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The Flow of Energy: Primary Production

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1 The Flow of Energy: Primary Production
What we need to learn: What is primary production, and how is it measured? How much of the sun’s energy is assimilated by plants? How are primary and ecosystem productivity related? How are production, standing crop, and turnover rate related? What limits primary production? How does primary production vary among the world’s ecosystems?

2 The Process of Primary Production
Production is the creation of new organic matter Primary production is production of new organic matter by autotrophs Over time, primary production results in the addition of new plant biomass to the system

3 Photosynthesis Requires Light Energy
(See primer on photosynthesis) Produces O2 On Land, net efficiency ~ % In Water, net efficiency ~ % Requires CO2

4 Definitions * Gross Primary Production = GPP
GPP = All CO2 fixed by the plant in photosynthesis. * Respiration = R R = CO2 lost from metabolic activity Rp = Respiration by Plants Rh = Respiration by Heterotrophs Rd = Respiration by Decomposers * Net Primary Production = NPP NPP = GPP - Rp * Net Ecosystem Production = NEP NEP = GPP - (Rp + Rh + Rd)

5 Measuring Primary Production
1. Measure the rate of photosynthesis CO2 + H2O ===> C6H12O6 + O2 a). measure the CO2 used (14C) b). measure the O2 produced estimates GPP (Gross Primary Production, total energy “fixed”) 2. Measure the rate of formation of new plant matter final plant biomass minus initial estimates NPP (Net Primary Production = total energy fixed - metabolic costs, herbivory, etc.) Respiration is the reverse process: C6H12O6 + O2 ===> CO2 + H2O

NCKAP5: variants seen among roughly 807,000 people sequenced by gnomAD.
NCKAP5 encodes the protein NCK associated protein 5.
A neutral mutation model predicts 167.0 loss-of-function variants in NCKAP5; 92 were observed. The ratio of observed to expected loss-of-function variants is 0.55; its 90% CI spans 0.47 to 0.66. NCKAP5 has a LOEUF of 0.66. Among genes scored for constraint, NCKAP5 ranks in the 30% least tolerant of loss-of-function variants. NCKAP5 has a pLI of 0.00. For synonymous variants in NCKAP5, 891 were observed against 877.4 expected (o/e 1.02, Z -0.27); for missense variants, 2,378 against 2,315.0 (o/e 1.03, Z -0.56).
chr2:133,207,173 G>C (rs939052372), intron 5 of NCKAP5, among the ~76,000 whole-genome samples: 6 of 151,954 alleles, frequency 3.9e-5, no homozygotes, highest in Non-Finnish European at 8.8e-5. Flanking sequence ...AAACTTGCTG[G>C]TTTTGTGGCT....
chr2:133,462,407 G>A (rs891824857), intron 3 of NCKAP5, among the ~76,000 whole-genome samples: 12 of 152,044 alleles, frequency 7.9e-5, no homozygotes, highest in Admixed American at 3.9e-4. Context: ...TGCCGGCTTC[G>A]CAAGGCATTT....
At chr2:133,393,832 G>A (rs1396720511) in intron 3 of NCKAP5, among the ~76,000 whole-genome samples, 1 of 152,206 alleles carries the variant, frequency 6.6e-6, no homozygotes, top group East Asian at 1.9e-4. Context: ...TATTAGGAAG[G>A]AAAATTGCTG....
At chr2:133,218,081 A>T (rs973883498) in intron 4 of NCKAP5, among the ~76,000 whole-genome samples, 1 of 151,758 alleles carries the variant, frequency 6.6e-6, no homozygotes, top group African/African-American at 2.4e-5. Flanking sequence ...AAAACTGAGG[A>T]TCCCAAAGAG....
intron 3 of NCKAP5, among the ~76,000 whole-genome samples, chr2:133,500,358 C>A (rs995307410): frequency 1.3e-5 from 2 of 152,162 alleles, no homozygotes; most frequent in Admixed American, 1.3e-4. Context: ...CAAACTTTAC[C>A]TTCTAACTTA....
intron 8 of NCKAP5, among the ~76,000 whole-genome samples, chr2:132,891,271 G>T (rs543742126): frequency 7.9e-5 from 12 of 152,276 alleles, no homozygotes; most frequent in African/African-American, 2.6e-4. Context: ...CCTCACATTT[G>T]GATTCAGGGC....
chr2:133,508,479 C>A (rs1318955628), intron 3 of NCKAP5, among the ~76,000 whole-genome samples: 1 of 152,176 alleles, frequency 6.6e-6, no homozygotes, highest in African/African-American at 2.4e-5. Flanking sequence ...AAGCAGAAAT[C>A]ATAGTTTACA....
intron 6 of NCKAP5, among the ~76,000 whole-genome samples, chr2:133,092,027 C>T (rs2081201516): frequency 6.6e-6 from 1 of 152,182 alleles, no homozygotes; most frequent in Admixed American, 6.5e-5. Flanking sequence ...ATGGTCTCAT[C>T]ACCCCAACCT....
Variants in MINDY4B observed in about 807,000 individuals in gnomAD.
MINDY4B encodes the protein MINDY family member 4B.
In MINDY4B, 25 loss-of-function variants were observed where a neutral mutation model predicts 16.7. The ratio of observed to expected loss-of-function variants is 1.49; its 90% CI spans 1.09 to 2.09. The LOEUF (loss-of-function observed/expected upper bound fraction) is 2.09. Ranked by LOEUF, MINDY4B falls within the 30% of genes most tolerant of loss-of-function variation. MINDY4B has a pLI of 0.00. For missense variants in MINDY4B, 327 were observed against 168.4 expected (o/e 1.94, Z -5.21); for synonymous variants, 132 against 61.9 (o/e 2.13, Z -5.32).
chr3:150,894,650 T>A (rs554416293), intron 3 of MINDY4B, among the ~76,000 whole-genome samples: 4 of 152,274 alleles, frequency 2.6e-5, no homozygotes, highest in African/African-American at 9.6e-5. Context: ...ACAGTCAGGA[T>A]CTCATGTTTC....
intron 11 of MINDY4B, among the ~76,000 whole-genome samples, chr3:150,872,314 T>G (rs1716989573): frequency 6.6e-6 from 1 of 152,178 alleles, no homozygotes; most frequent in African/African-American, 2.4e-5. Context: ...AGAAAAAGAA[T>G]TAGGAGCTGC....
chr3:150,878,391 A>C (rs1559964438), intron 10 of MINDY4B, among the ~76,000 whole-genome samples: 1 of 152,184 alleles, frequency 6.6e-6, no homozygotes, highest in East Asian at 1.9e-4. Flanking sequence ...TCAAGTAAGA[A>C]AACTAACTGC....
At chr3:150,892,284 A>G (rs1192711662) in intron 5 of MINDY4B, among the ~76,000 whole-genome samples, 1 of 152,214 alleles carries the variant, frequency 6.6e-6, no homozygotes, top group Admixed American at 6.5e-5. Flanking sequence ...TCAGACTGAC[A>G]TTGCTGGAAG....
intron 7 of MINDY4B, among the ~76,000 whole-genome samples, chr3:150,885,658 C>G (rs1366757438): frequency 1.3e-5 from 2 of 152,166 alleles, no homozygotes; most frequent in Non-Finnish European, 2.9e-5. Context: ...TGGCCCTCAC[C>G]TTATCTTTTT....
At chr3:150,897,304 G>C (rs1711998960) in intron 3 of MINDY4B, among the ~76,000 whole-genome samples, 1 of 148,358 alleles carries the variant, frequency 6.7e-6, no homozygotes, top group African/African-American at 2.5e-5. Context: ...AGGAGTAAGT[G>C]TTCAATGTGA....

6 1 hour Incubation in LIGHT
Light-Dark Bottle Method 1. Fill all bottles with sample water. 2. Measure initial O2 , incubate samples in the light. 1 hour Incubation in LIGHT Initial Bottle Dark Bottle Light Bottle 3. Measure final O2 in light and dark bottles.

7 = 8 mg O2/L = GPP & Resp = 10 mg O2/L = Resp = 5 mg O2/L Dark Bottle
Initial Bottle = 8 mg O2/L = GPP & Resp = 10 mg O2/L Light Bottle Dark Bottle = Resp = 5 mg O2/L (Light - Initial) = (10 - 8) = 2 mg/L/hr = GPP - R = NPP (Initial - Dark) = (8 - 5) = 3 mg/L/hr = Respiration, R (Light - Dark) = (10 - 5) = 5 mg/L/hr = NPP + Resp = GPP

8 Production, Turnover, and Standing Crop
Production is reported as the formation rate of new organic matter, per unit area of earth, per unit of time: calories / m2 / year (energy) grams / m2 / year (organic matter) Standing crop is the amount of organic matter in a given area at a specific time cal / m2 (energy) g / m (organic matter) In managing a forest, should we be more interested in the forest’s production, or its standing crop? What variable must we consider?

9 Time! Standing crop Production = (g / m2) (g/m2/year) Stock Rate
= Measure of time: (Residence Time or Turnover Time)

10 “Time affects everything – always consider time.”
Take-Home Message #1: “Time affects everything – always consider time.”

11 Primary Production of the World’s Ecosystems
World ecosystems vary widely in productivity. The most productive systems (by unit area) are estuaries, swamps and marshes, tropical rain forests, and temperate rain forests. In terms of global NPP, the most productive systems are open oceans, tropical rain forests, savannas, and tropical seasonal forests.

12 Productivity per unit area (m2)

13 Total Productivity (global)

14 What Determines Ecosystem Productivity?
Climate and nutrients determine ecosystem productivity. In general, NPP increases with precipitation and temperature. Areas low in nutrients, such as the open ocean, have low NPP per unit area.

15 For any given temperature or precipitation there is a large spread of production values – Why?

16 Summary (so far…) Primary production is the creation of new organic matter by plants and other autotrophs. Primary production can be quantified by measuring the rate of the photosynthetic reaction. GPP is the total organic matter synthesized. NPP < GPP due to metabolic costs of autotrophs. Production varies among ecosystems due to climate and nutrient availability.